Speed cameras introduced at 35 BC intersections
The BC government has gone ahead with plans to introduce intersection speed cameras. The plan was not without controversy with many critics calling it a return of the widely-hated photo radar of the 1990s.
The program has been a lesson in how to roll out a potentially unpopular policy. The drawn-out nature of the introduction of speed cameras took out the sting for large sections of the public.
It started with the installation of red light cameras at 140 intersections across BC. The provincial government their purpose was to reduce crashes and make the roads safer. However, they were less vocal about their other function: monitoring speed.
While the cameras were busy catching vehicles that run red lights, they were also monitoring speed and collecting data, although not actually issuing tickets. The government has now identified 35 intersections with the “greatest potential for further safety gains” by upgrading them to also enforce speed.
Why the secrecy? Well, it probably has something to do with how unpopular photo radar was when it was implemented in the 1990s. Photo radar was so unpopular, it was scrapped completely in 2001. Drivers saw them pretty much for what they were, a government cash-grab. Promises not to place photo radar at the bottom of hills in areas where there were not serious concerns over speed were not kept. The BC government knew this new policy was in danger of being thought of in the same way so it had to sugar-coat it a bit. It seems to have worked. For something that was greeted unfavourably when it was first announced, the tide seems to have turned with more people either accepting or indifferent of red light cameras.
There are still others out there who see the scheme as something else: a cash-grab. The system also has inherent flaws. It relies on photographic evidence to back up the speeding ticket. Most speeding tickets rely on an officer’s visual estimation corroborated by a laser speed detection device reading. It’s not clear whether photographs can be used as stand-alone evidence without an officer first making a visual estimation. There is no one present who is actually confirming if the camera is being triggered at the appropriate speed to ensure it is operating reliably. Because they lack human corroboration, we are confident that people will be able to challenge these kinds of speeding tickets.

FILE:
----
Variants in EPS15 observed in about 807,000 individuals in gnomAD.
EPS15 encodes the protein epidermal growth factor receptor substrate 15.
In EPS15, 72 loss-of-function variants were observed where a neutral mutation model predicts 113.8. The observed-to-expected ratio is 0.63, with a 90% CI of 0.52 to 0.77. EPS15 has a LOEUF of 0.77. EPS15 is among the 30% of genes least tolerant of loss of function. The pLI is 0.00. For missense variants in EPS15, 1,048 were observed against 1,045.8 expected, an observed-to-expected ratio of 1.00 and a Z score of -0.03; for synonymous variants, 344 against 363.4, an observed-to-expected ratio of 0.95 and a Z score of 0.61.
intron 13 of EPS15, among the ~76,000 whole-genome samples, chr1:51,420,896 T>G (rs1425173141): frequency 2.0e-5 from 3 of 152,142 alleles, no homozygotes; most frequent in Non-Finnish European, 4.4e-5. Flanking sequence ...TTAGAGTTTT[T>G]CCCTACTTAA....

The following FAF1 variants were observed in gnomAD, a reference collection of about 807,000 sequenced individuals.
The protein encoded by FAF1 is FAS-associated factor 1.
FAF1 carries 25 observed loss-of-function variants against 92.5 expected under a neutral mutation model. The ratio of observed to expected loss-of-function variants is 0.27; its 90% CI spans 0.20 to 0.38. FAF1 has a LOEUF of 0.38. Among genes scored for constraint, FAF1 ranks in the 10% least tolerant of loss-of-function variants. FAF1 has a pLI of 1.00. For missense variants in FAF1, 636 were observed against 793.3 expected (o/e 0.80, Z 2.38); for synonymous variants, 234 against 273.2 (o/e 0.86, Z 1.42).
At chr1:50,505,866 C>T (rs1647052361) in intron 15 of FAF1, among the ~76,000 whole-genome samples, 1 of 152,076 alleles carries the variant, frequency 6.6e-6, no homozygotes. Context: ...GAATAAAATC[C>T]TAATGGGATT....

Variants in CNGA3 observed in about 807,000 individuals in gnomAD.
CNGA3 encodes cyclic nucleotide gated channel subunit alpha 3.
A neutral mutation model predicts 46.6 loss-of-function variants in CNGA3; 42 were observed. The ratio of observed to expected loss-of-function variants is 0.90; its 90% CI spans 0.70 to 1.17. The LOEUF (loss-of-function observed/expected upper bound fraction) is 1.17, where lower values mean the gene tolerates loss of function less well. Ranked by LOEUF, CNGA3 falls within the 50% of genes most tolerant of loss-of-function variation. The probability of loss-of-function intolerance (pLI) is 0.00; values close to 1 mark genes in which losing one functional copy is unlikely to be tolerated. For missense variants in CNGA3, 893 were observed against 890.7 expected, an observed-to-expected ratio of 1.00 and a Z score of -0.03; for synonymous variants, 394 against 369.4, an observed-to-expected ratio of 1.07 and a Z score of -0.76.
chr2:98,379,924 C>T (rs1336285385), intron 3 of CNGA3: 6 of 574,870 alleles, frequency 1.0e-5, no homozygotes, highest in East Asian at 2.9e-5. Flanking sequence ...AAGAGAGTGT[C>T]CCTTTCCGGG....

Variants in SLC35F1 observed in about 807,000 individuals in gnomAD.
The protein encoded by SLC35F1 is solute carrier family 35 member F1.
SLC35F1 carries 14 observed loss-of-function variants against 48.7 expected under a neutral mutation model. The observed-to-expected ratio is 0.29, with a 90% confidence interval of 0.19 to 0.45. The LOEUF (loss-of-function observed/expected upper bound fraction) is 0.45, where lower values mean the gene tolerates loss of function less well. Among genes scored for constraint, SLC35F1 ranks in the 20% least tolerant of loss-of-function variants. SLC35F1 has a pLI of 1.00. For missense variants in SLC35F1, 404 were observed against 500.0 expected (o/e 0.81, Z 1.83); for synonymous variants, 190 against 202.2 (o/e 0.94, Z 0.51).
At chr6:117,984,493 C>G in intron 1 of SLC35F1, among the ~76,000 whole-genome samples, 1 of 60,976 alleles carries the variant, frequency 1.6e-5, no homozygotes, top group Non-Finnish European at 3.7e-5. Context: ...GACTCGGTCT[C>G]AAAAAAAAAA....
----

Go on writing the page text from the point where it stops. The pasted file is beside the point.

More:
There is also a question of whether the cameras will actually reduce speeding. The cameras will not be able to identify the driver so no points or infractions will be added to the driver’s record. Instead, a ticket will be sent to the registered owner of the vehicle. With only a financial penalty and no other disincentives, many drivers will simply write this off because they think it will be less trouble than getting it overturned.
The government is also not telling drivers what speed threshold will activate the cameras, which could lead to people driving much slower than they need to through the intersection, which in and of itself can be dangerous.
The list of automated speed enforcement cameras can be found here.
What to do if you get a red-light speeding ticket
If you get one of these tickets we recommend you hire a lawyer to fight it. Speeding tickets in BC are usually around $368.
BC Driving Lawyers has achieved positive outcomes in traffic court for countless clients. If you get a ticket for running a red light issued by a camera at an intersection. These devices mistakenly issue tickets all the time and they are open to dispute.
Call us today on 604-608-1200.